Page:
As the statistics roll in about the looming effects of climate change, our planet’s climate crisis is becoming more and more visible. It’s becoming difficult to ignore drastic changes in weather or agricultural patterns, and many people are experiencing undesirable lifestyle changes because of it. There are certain groups that experience the effects of environmental degradation more strongly than others, though, and it’s been happening long before the climate crisis was at the forefront of our minds. Factors such as race, class, gender, and ethnicity have an incredible impact on how people experience the effects of their changing environment.
A 1987 study performed by the United Church of Christ’s Commission for Racial Justice exposed statistics that showed that racial and ethnic minorities in the United States are disproportionately exposed to toxic substances. This seminal study set the Environmental Justice movement in motion, inspiring decades of activism and conversations that are still taking place today. So, what is Environmental Justice?
Environmental Justice calls for the just and equal distribution of environmental burden and benefit. Put plainly, the movement strives to create a world in which all are able to enjoy their natural world regardless of factors such as race or class. Similarly, they also seek to make sure that all people experience negative environmental effects such as toxic waste or climate change in equal proportions. Grist has an excellent video to explain this more visually:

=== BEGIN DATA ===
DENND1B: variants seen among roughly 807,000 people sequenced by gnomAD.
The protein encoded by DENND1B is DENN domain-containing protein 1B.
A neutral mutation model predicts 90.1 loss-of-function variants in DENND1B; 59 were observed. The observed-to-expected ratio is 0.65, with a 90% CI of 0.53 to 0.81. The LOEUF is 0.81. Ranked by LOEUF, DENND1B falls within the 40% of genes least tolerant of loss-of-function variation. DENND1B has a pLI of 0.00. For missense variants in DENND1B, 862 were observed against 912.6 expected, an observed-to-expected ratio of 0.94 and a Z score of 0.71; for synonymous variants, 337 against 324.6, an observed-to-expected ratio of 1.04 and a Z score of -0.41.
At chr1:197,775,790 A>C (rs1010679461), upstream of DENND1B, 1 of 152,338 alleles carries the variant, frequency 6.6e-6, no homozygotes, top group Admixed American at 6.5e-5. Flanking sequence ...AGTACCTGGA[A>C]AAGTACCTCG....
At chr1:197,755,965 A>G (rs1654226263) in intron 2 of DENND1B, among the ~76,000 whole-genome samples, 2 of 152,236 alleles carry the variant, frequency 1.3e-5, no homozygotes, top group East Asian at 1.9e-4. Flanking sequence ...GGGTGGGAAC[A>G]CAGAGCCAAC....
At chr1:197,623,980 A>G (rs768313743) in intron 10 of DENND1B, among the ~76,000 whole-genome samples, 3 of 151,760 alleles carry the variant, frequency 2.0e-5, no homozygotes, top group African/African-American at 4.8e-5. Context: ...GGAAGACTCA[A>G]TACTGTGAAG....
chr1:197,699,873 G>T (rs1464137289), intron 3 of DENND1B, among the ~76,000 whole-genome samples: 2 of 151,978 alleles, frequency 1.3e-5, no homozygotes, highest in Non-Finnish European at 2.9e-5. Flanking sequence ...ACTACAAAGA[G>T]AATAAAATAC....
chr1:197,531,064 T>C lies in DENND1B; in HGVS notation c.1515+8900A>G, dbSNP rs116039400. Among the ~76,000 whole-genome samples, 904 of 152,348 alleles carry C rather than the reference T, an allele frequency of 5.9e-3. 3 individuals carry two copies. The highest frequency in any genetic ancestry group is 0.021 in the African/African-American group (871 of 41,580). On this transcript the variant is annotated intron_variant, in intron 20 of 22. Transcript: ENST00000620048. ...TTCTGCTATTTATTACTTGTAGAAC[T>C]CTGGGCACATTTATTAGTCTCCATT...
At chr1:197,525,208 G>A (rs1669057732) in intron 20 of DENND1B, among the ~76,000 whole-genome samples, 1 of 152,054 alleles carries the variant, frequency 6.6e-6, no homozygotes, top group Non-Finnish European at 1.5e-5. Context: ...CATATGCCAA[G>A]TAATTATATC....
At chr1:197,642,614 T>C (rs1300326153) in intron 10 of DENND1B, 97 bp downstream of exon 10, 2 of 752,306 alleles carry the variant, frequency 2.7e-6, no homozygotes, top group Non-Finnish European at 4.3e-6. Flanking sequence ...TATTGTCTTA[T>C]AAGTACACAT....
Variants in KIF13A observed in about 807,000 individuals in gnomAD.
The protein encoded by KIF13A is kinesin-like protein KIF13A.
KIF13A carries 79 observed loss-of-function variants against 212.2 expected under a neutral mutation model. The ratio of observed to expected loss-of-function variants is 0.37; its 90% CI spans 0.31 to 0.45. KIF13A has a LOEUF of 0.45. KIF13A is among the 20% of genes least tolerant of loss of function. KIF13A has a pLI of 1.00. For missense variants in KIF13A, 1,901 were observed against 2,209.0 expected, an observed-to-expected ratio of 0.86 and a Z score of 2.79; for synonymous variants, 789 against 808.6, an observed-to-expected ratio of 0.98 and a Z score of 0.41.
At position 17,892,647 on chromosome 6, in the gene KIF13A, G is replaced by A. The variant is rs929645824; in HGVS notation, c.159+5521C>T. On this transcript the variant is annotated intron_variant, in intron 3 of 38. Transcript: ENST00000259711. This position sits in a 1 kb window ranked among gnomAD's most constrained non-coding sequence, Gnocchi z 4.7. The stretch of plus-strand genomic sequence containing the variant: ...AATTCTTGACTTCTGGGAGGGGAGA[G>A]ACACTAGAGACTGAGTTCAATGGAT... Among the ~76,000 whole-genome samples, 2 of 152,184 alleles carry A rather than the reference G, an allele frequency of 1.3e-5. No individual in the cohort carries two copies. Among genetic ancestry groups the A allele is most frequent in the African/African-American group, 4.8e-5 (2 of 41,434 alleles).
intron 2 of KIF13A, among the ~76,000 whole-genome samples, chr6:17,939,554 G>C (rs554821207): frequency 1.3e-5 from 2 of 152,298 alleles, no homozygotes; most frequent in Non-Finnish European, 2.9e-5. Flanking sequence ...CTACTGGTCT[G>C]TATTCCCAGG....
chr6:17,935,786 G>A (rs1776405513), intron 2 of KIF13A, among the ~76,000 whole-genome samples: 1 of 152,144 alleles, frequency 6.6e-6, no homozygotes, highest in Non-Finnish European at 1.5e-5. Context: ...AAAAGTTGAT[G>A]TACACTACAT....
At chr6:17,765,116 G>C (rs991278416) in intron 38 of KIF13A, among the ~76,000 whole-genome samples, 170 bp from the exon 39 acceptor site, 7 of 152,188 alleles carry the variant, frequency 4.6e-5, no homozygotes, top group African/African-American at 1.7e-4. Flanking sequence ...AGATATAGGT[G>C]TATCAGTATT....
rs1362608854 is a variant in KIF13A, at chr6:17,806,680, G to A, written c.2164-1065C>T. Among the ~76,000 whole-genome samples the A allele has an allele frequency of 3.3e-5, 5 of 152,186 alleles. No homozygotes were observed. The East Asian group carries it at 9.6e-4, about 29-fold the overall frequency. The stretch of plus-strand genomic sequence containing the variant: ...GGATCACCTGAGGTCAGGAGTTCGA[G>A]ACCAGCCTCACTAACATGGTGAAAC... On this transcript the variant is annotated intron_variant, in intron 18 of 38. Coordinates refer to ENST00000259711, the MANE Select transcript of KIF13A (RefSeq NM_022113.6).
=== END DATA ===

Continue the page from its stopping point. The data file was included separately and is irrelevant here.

A foundational acknowledgment of environmental justice advocates is that the world’s under-advantaged populations are disproportionately affected by environmental destruction and degradation. As such, people in developing countries, poor neighborhoods, or under oppressive schemes of racism and classism will be hit much harder than the white and wealthy.
A second strong principle of environmental justice is the acknowledgment that the benefits of over-consumption of the world’s resources are enjoyed primarily by privileged groups. So, the amount of demand for food, goods, and exploitive services is created largely by those who can afford it. They do not, however, experience the harsh effects that these demands result in, such as toxic waste deposits, food scarcity, and exploitative working conditions.
The Environmental Justice movement seeks to make these facts known and bring about meaningful change.